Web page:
Sa-Lemeanai v. Tomasi,

SA-LEMEANAI FAMILY by W. Meredith and LEASIOLAGI

of Asu for FAO Family, Plaintiffs

 

v.

 

TOMASI & TUIEI OF Iliili, Defendants

 

[Land: “Leuluasi” in Iliili]

 

High Court of American Samoa

Civil Jurisdiction, Trial Division

 

No. 22-1951

 

January 29, 1952

 

___________

 

ARTHUR A. MORROW, Chief Justice, APE and MALEPEAI, District Judges.

 

DECISION

 

Heard at Fagatogo, December 18 and December 19, 1951.

 

Toomata for Sa-Lemeanai Family.

Leasio for Fao Family.

Falefia for Tomasi and Tulei.

 

The facts sufficiently appear in the opinion.

 

MORROW, Chief Justice.

 

            On May 10, 1951 Tomasi acting in behalf of himself and Tulei, his wife, filed an application with the Registrar of Titles to have the land designated LEULUASI in the survey accompanying the application registered as their individually owned property. On June 21, 1951 the Salemeanai family acting through Willie Meredith filed an objection to the proposed registration claiming that the land was the communal family land of the Salemeanai family. On July 2, 1951 Leasiolagi of Asu, a member of the Fao family of Iliili and acting in its behalf, also filed an objection to the proposed registration claiming that the land was the communal family land of the Fao family. Hence this litigation. See section 905 of the American Samoa Code. [3ASR37]

            Prior to the hearing the judges of the Court, with the exception of Judge Malepeai who was unable to be present, viewed the land in the presence of the parties concerned to the end that the court might have a better understanding of the evidence when it should be presented at the hearing.

            It appears from the evidence that Tomasi, the proponent, was born in Western Samoa 37 years ago. In 1932 when he was about 18 years of age he came to American Samoa. At first he lived in the Sagapolu family in Iliili. After living for six months with that family he went to live in the family of Fale who was married to a Salemeanai man. He continued to live with Fale until her death some years later. He then lived a short time with the Muli family. Next he lived with Malama, a member of the Salemeanai family. There is some dispute in the testimony as to the truth of this last statement, but we believe that the weight of the evidence is to that effect. According to Tomasi’s testimony he entered upon the tract in dispute in 1936 without the consent or authorization of anyone and began to cut down the large trees upon it, it being bush, as he said at that time. He says that this was while he was living in Fale’s family. Malama testified that he entered upon the land in 1936 under her authorization and with her consent, which consent was later confirmed by Vao, the matai of the Salemeanai family in charge of its affairs at the time. She also testified that the entry was made while Tomasi was living in her family. We believe the weight of the testimony favors the view that the entry occurred in 1936 under the authorization of and with the consent of Malama while Tomasi was living in her family; that Vao later gave his approval through Malama.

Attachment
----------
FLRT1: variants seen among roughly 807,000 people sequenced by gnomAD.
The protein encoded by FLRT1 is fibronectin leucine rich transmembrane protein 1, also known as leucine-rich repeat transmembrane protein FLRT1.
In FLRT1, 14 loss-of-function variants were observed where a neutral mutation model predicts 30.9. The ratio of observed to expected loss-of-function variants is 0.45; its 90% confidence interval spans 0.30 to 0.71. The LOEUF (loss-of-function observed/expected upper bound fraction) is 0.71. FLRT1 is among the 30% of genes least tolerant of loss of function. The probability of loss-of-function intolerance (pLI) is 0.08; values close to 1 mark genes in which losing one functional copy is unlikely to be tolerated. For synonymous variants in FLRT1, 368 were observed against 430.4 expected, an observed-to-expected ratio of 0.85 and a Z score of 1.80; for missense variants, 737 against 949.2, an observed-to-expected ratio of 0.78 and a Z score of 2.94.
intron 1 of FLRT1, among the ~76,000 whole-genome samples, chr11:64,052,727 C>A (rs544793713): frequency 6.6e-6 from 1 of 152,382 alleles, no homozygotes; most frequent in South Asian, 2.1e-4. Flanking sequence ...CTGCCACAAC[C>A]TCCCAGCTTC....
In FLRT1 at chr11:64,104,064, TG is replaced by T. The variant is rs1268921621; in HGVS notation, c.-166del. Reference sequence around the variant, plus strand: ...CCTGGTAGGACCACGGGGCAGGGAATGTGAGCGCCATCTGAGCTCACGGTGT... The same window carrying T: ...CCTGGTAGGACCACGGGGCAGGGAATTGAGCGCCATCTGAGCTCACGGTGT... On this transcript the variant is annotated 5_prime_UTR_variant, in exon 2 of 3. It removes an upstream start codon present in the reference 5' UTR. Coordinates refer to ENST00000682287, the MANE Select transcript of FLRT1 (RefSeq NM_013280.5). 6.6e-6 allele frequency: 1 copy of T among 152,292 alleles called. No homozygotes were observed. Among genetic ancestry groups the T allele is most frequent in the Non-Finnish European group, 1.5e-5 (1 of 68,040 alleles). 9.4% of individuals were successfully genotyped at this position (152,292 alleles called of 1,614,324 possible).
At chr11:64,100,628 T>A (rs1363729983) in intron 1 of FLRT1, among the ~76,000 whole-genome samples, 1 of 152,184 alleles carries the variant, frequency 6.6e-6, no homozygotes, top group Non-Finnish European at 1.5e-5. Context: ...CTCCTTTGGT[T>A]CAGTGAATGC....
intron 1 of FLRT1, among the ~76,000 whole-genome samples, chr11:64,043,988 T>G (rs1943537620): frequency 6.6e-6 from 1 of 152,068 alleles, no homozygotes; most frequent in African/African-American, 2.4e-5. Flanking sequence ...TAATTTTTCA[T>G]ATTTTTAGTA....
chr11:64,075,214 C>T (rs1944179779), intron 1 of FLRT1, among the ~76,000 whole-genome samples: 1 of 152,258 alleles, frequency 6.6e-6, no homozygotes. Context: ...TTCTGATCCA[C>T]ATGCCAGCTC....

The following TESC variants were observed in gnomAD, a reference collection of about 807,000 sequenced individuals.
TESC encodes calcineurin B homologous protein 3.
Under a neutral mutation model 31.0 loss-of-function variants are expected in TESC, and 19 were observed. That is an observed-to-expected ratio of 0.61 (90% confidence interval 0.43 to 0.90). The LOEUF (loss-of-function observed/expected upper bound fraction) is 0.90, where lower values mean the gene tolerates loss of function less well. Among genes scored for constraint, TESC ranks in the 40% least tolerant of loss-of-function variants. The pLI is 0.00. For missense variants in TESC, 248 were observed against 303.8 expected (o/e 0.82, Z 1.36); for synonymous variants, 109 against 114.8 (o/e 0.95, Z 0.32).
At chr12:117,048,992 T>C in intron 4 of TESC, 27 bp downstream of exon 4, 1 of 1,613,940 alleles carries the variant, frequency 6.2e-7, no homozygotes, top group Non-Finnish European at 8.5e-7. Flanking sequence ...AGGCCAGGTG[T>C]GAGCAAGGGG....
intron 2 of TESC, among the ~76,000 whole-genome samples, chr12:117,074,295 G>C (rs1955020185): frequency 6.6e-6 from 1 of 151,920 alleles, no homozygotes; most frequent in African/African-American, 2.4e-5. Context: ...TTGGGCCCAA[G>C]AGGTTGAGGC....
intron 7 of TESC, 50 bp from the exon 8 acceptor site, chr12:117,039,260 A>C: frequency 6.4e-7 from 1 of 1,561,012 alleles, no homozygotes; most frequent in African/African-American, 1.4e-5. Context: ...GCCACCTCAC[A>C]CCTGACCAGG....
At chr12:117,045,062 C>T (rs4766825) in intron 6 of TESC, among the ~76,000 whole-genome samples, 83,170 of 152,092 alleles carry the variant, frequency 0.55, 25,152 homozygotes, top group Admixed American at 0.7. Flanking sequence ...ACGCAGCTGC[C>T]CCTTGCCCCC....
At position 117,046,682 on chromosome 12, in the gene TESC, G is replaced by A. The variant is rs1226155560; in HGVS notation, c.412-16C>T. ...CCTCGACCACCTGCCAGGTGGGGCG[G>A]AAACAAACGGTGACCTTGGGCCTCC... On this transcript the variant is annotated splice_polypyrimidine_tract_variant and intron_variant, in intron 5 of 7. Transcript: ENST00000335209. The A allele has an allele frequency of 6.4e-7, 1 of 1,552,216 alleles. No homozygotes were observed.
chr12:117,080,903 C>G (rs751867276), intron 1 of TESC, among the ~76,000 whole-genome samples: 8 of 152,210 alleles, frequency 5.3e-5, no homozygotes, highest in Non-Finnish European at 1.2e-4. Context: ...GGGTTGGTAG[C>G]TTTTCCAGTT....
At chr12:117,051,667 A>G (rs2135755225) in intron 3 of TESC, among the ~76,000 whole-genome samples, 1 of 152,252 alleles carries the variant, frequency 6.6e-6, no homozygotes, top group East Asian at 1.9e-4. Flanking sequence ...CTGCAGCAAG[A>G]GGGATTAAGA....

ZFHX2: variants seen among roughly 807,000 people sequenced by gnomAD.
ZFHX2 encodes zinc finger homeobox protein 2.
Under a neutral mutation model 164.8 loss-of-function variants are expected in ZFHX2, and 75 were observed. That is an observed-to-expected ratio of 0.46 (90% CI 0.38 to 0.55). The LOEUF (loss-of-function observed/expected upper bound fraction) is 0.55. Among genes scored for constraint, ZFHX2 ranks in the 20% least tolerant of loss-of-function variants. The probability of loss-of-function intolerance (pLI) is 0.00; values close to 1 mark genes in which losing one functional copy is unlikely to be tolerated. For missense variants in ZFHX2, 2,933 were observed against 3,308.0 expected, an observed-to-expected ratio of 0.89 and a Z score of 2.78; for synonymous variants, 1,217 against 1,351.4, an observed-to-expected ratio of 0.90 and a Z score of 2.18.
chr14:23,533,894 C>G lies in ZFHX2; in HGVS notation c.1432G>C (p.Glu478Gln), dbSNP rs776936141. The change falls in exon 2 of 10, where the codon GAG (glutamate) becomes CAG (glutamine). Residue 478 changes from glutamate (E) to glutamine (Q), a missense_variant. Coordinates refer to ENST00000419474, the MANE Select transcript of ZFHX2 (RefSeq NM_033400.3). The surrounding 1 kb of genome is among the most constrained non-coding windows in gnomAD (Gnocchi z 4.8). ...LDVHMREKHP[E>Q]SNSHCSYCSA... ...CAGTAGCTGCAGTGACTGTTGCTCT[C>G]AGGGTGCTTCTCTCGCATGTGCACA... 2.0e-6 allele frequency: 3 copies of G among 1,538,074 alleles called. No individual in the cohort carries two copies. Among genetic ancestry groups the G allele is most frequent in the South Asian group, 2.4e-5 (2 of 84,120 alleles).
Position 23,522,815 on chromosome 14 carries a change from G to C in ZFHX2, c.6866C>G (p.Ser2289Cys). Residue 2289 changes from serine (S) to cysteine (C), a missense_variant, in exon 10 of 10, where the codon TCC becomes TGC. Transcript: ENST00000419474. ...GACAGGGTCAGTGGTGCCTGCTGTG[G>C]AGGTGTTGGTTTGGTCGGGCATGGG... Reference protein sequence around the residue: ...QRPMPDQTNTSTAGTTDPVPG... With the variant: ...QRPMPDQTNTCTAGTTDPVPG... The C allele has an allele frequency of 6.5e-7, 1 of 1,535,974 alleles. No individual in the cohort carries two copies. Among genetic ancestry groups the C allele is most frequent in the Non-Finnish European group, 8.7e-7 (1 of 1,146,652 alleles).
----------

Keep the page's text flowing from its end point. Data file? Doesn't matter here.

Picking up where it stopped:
Vao himself testified that he (Vao) went upon the disputed tract more than 20 years ago while it was bush and cut away many of the large trees growing upon in; that Tomasi did not clear it from bush; that it was he who [3ASR38] cleared it. Malama’s testimony was to the same effect. District Judge Noa who has land adjoining the disputed tract testified that Vao cleared the land from bush. Aumavae, a matai of Iliili but residing in Leone and a member of the Salemeanai family, also testified that to his knowledge Vao cut down the big trees growing on the land originally. Malama testified that the first plantations on the land were put in by Vao; that he put in bananas, coconuts and breadfruit. When the judges viewed the land they saw a number of breadfruit trees growing on it which were obviously planted before 1936, when Tomasi entered.

            We believe from the evidence that Vao entered upon the land, cleared it from the bush, and put in some plantations all before Tomasi’s entry; that Vao claimed ownership of the land on behalf of the Salemeanai family, being a matai of that family. Samoan families did not originally acquire ownership of their land by purchase from the Government, but through first occupancy coupled with a claim of ownership. Maluia et al. v. Isumu, No. 12-1950 (H.C. Am. S). On this method of acquisition of title to land, see II Blackstone 8 and Maine’s Ancient Law (3rd Am.ed.) 238.

            We believe from the evidence that Vao, the matai in charge of the affairs of the Salemeanai family, assigned a piece of land adjoining the piece in dispute to Iosia a paster [sic] in Iliili for the pastor’s use during his pastorate and that Iosia used such land from 1940 to 1947. Sagia, a son-in-law of Vao, occupies land of the Salemeanai family adjoining the Fagogogo side of the tract in dispute. We also believe from the evidence that members of the Salemeanai family are occupying land joining the disputed tract on the sea-side.